Once the sugars, acids, and other chemical numbers match up, I contact the vineyard manager who oversees the harvesting process. He or she will make arrangements to have the grapes picked, crushed, and put into tanks. During fermentation we add yeast and do what is called a "punch down," in which you push the skins under the juice. We do this four times a day for 7 days. It is hard work because I generally spend 12 or 14 hours a day for a month, but it all pays off in the end. Yes, I still have to find time to market my wine, deal with distributors, etc., but believe it or not, there are days when you can relax a little. After fermentation, I put the wine into French oak barrels for 8.5 to 10 months. The timing depends upon how much extraction (flavor of the wood) I get.

NW: Does Vision Cellars use a technique that is unique in the winemaking industry?

MM: We do a lot of the same things that most other vintners (winemakers) do, but I believe the "cold-soak" method brings out extra color and flavor in my wine. After harvesting the grapes, we let them sit in their own juice for 3 or 4 days before adding the yeast for fermentation. Although cold-soaking is a controversial method in the winemaking world, it is something that works well for Vision Cellars because we are a small company and can experiment with a variety of procedures. Because wine is a food, all wine producers take special care to keep things clean. Good sanitary conditions will prevent bacterial growth and therefore bad tasting wine.

NW: Does Vision Cellars use advanced technology?

MM: No, we don't. There's nothing wrong with it, but I prefer the old-fashioned way of doing things. For example, newer equipment has gauges and thermostats to control the temperature of the wine during fermentation, but I like checking the temperature by putting my hands inside the barrel (with clean hands of course!). There's nothing more important to me than having my hands in my wine, literally!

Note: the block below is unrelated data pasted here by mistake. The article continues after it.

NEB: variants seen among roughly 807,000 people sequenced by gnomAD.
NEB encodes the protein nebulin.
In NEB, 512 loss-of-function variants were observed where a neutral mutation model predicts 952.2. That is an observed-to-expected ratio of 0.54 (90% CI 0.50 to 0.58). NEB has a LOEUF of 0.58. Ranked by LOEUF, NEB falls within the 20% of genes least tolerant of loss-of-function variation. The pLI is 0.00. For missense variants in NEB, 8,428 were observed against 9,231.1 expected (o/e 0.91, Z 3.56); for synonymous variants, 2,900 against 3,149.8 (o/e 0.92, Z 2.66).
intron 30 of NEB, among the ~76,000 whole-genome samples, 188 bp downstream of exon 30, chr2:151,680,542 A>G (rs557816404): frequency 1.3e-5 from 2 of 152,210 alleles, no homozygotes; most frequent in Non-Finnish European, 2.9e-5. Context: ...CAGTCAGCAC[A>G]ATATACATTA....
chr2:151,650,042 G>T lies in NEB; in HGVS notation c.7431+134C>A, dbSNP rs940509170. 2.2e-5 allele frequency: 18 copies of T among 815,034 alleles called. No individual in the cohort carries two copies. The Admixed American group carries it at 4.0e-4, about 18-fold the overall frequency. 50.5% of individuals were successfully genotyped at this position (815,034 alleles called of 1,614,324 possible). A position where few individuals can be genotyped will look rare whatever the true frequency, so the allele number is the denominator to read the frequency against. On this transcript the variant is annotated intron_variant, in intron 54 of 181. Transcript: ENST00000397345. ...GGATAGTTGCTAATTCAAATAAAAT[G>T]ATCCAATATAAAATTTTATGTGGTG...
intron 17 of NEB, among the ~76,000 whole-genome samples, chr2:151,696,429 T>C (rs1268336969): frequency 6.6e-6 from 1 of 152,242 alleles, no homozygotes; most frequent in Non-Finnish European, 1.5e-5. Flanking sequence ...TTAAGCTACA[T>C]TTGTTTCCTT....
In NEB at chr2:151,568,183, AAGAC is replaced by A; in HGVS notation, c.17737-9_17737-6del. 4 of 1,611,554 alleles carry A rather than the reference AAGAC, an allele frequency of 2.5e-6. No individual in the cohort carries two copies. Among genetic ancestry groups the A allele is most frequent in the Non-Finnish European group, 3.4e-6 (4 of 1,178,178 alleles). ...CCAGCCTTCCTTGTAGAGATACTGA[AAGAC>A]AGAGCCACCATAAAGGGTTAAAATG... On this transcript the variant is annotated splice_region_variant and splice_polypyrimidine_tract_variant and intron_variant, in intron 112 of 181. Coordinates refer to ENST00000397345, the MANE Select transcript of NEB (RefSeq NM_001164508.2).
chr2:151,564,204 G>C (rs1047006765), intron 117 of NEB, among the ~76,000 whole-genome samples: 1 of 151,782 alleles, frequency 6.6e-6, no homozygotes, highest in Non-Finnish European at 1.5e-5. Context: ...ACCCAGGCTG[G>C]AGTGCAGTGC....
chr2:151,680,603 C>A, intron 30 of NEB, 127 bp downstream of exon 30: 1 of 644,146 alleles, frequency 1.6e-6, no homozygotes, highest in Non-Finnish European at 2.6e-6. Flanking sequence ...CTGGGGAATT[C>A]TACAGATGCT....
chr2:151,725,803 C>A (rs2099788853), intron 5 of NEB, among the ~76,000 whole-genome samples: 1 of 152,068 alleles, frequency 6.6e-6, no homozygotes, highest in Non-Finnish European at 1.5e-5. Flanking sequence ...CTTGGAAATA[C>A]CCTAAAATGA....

NW: Tell me about the grapes you use. Are they genetically modified?

MM: When customers go to a wine shop to make a purchase, I want them to know that my product is 100% natural and unaltered. I want my label to accurately reflect the contents of the bottle. I am proud to sell only the best.

I use pinot noir grapes straight from the field. It is a difficult grape to make wine out of because you have to get good fruit which means you must have a good location to grow them. In California, there are only a few areas where pinot noir grapes grow the best, so I get my grapes from these places and see how the wine from these grapes stacks up. I make wine from Marin, Sonoma, and Monterey counties. These locations are the best places for grape cultivation in the state.

NW: What advice would you give those who want to become winemakers?

MM: Be patient and know there are other opportunities out there such as sales or distributing. You don't have to necessarily go into winemaking. Learn as much about wine as a food and the business of winemaking as you can.

I am president and co-founder of the Association for African American Vintners. We sponsor wine-tasting events all over the country, especially in African American communities with the purpose of educating others about wine. Our goal is to provide internships for students of color to work with us during the summer and furnish financial assistance for students to attend winemaking schools. Another good resource is the African American Wine Tasting Society.

Outside of marrying my wife, my decision to become a winemaker was the best one I ever made.

Robin Arnette is editor of MiSciNet and may be reached at